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Posts Tagged ‘sexuality’

The connections between race and sexuality that Patricia Collins mentions, for me, are really relatable. Even though she and many other feminist studies writers have focused on African American men and prison power dynamics, as an Asian man, I can see exactly what they might be talking about in my own history.

When I was growing up, I had a really high voice; it was really really high. Some people might have said things such as, “You sound like a girl”. It really was that high pitched. And ultimately, many people at my school assumed that “He must be gay”. It’s true. People even asked me about it.

When I told them “No”, many of my peers were confounded. “That can’t be!”, they said. They assumed I must be lying and this was big issue for them for a long while. But then, many people suddenly turned around and said that I wasn’t lying after all. And I was confused.

It turns out, according to some individuals, that my voice was so “feminine” because I was Asian. “Asian men are just much less masculine and we should just accept you because you can’t help but be that way”.

Now, I realize that this was an example of the connectedness between race and sexuality. Like African American women or the less masculine African American men that were called “bitch” or “dicksucker”, my say on who I was was ignored by my surroundings but instead got replaced by peoples assumptions. And conversely to African Americans who were threatened because of their race, I was “validated” as acceptable because of mine.

No one paused to think that my sexuality, a private issue, was being violated. And then no one stopped to think that “blaming” a whole race of people for my “situation” was sort of racist. Reading such passage has enlightened me that, in this scenario, there were interlocking systems of power at play. Race and gender, in my case and many others, were used as intersectional societal methods of control at the expense of those affected by such assumptions.

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Image Source: http://www.avclub.com/article/theres-mash-rainbow-road-themes-all-8-mario-karts-206528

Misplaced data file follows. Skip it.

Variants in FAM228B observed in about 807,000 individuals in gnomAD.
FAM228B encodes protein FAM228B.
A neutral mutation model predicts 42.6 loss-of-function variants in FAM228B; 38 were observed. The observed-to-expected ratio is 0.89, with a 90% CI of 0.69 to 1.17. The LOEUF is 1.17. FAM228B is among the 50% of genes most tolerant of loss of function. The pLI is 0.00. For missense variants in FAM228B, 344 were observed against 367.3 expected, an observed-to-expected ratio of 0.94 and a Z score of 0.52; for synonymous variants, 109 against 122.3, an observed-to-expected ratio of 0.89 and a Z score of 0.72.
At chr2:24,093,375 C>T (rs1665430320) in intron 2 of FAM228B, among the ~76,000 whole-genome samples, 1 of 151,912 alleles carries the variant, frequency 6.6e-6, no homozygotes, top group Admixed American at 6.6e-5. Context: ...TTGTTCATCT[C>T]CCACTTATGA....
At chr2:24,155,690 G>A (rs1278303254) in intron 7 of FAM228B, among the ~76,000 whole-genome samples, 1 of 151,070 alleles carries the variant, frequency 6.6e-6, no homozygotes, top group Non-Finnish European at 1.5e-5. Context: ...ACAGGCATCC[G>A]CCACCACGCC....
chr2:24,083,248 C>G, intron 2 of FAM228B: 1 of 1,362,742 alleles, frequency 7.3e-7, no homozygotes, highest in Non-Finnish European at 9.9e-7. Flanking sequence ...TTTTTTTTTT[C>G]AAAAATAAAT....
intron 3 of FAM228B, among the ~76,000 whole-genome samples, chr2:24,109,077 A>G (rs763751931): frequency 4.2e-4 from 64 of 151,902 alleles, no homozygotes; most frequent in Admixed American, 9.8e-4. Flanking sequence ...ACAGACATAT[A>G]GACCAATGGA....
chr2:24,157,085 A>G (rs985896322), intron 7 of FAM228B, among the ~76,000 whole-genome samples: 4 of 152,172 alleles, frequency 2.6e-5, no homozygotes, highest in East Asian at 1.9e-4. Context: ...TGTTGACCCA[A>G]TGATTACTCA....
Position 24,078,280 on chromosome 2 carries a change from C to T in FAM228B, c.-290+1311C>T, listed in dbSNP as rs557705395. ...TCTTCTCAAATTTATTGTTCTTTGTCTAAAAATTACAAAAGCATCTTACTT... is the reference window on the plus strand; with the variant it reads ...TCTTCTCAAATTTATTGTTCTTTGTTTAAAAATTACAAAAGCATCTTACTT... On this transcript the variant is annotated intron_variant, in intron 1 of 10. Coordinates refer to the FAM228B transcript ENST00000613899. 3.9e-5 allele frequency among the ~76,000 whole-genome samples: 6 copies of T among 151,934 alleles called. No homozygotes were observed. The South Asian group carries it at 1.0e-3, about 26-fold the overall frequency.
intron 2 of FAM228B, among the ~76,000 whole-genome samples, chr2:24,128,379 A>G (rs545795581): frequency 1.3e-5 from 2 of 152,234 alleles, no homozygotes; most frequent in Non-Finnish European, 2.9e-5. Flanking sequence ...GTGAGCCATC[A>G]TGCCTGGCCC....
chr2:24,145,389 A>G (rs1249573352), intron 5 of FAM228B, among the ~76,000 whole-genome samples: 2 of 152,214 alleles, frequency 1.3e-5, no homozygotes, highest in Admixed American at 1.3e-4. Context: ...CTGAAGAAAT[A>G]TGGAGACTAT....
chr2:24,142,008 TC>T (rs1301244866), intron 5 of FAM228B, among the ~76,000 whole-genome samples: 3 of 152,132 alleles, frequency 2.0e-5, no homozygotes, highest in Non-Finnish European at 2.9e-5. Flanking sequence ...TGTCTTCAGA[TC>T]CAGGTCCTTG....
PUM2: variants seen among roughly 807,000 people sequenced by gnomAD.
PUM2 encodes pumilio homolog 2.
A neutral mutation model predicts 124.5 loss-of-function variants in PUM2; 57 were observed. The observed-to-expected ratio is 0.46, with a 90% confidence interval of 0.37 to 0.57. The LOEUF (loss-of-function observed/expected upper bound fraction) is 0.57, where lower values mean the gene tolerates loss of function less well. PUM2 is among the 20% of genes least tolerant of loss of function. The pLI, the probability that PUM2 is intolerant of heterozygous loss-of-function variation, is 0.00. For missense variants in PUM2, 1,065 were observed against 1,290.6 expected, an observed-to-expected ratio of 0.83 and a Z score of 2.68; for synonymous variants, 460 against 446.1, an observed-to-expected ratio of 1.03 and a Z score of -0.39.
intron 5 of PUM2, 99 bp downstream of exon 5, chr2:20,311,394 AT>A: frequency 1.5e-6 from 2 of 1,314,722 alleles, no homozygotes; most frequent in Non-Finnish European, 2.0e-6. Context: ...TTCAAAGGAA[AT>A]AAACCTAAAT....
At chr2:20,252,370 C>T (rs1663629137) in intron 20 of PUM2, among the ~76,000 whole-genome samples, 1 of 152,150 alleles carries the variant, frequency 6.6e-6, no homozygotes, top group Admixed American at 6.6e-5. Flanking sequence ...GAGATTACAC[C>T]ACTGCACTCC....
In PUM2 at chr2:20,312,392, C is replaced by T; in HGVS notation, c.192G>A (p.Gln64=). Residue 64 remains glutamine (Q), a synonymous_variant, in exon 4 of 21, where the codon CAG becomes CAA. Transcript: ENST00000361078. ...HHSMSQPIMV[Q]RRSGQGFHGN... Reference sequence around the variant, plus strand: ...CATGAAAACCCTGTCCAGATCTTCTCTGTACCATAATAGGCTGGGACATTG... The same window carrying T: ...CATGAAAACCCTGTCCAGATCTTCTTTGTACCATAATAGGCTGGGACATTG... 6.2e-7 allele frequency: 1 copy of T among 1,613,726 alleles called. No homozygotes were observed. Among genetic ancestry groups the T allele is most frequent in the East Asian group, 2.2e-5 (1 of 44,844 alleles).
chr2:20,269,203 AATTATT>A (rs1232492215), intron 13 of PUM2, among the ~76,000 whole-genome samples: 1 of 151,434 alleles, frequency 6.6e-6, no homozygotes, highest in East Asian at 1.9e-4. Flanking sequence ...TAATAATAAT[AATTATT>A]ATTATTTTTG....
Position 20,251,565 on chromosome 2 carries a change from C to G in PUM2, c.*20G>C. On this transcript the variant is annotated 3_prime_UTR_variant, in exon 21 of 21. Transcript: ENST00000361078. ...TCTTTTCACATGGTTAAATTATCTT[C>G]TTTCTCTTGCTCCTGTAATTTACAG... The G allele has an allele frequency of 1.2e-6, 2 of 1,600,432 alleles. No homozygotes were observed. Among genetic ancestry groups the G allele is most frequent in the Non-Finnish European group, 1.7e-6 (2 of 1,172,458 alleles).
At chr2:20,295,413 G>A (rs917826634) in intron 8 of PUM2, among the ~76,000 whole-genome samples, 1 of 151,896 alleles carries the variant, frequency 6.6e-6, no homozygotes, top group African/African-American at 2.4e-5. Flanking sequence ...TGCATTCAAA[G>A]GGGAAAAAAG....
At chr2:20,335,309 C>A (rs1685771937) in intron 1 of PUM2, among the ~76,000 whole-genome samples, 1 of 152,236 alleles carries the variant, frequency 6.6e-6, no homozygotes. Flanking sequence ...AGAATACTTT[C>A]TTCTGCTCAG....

I’ll focus on my own experience here but I know there are going to be things about my experience that many other queer people can relate to in this regard.

My experience with queerness has never been linear, it has indeed been very queered. It has consistently involved not knowing about a way of being queer and then being introduced to the concept, a moment of reflection and then realizing “oh shit that’s me.” But I’ve also consistently struggled with coming to terms with these new labels and seeing how they fit me.

From the age of 12 to about a month away from turning 21 I had been on a journey of denial, internalization, grief over myself changing and growing, complete secrecy, exploration, etc. etc. about me being bi. I had come out after years of being afraid of myself, but in that time I also developed a yearning for community. When I came back to UMBC after two years of community college I knew that I’d want to seek out my community. Since then my reality as a queer person has shifted so greatly. I feel so liberated. Yet I grieve. I grieve for the ways I have been, not knowing if they are different than who I am now. My sense of self has been questioned. I don’t know if my new state of existing is just blurrier, or if things have just been just out of my sight this entire time and it constantly feels like both. I don’t know how consistent this person who is me is. (more…)

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Talking About Sex

I mentioned in a previous post that talking about sex is very taboo in my family. I have a big family and spend a lot of time with them so naturally I grew up uncomfortable talking about sex too. (more…)

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I had a conversation with people I was close with about nurses who help disabled people find sexual pleasure. Someone brought up a documentary about the nurses who do this and I offered that I heard a little about it in my Unruly Bodies class. I told them briefly about our section on disabled bodies and the things we’ve discussed in class. (more…)

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injection

I went on birth control to take control of my body. while I got some control, I also got a little more than what I bargained for.

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trigger warning: weight, body image, self-hate, suicide mention

Recently, actress Sharon Rooney who plays Rae Earl on the UK TV show My Mad Fat Diary announced that the show is returning for a third season. MMFD is allll about bodies. Rae Earl is the protagonist of the show, a fat sixteen-year-old girl dealing with not only her weight and low self-esteem but also with mental illness. She has a tough push-and-pull relationship with her mother, and a father that is out of the picture.

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It seems to me that no one ever thinks about this, or they never want to talk about it. I want to talk about it. I think it needs to be written down, passed around, and heard over and over again until we replace our present beliefs with the truth.

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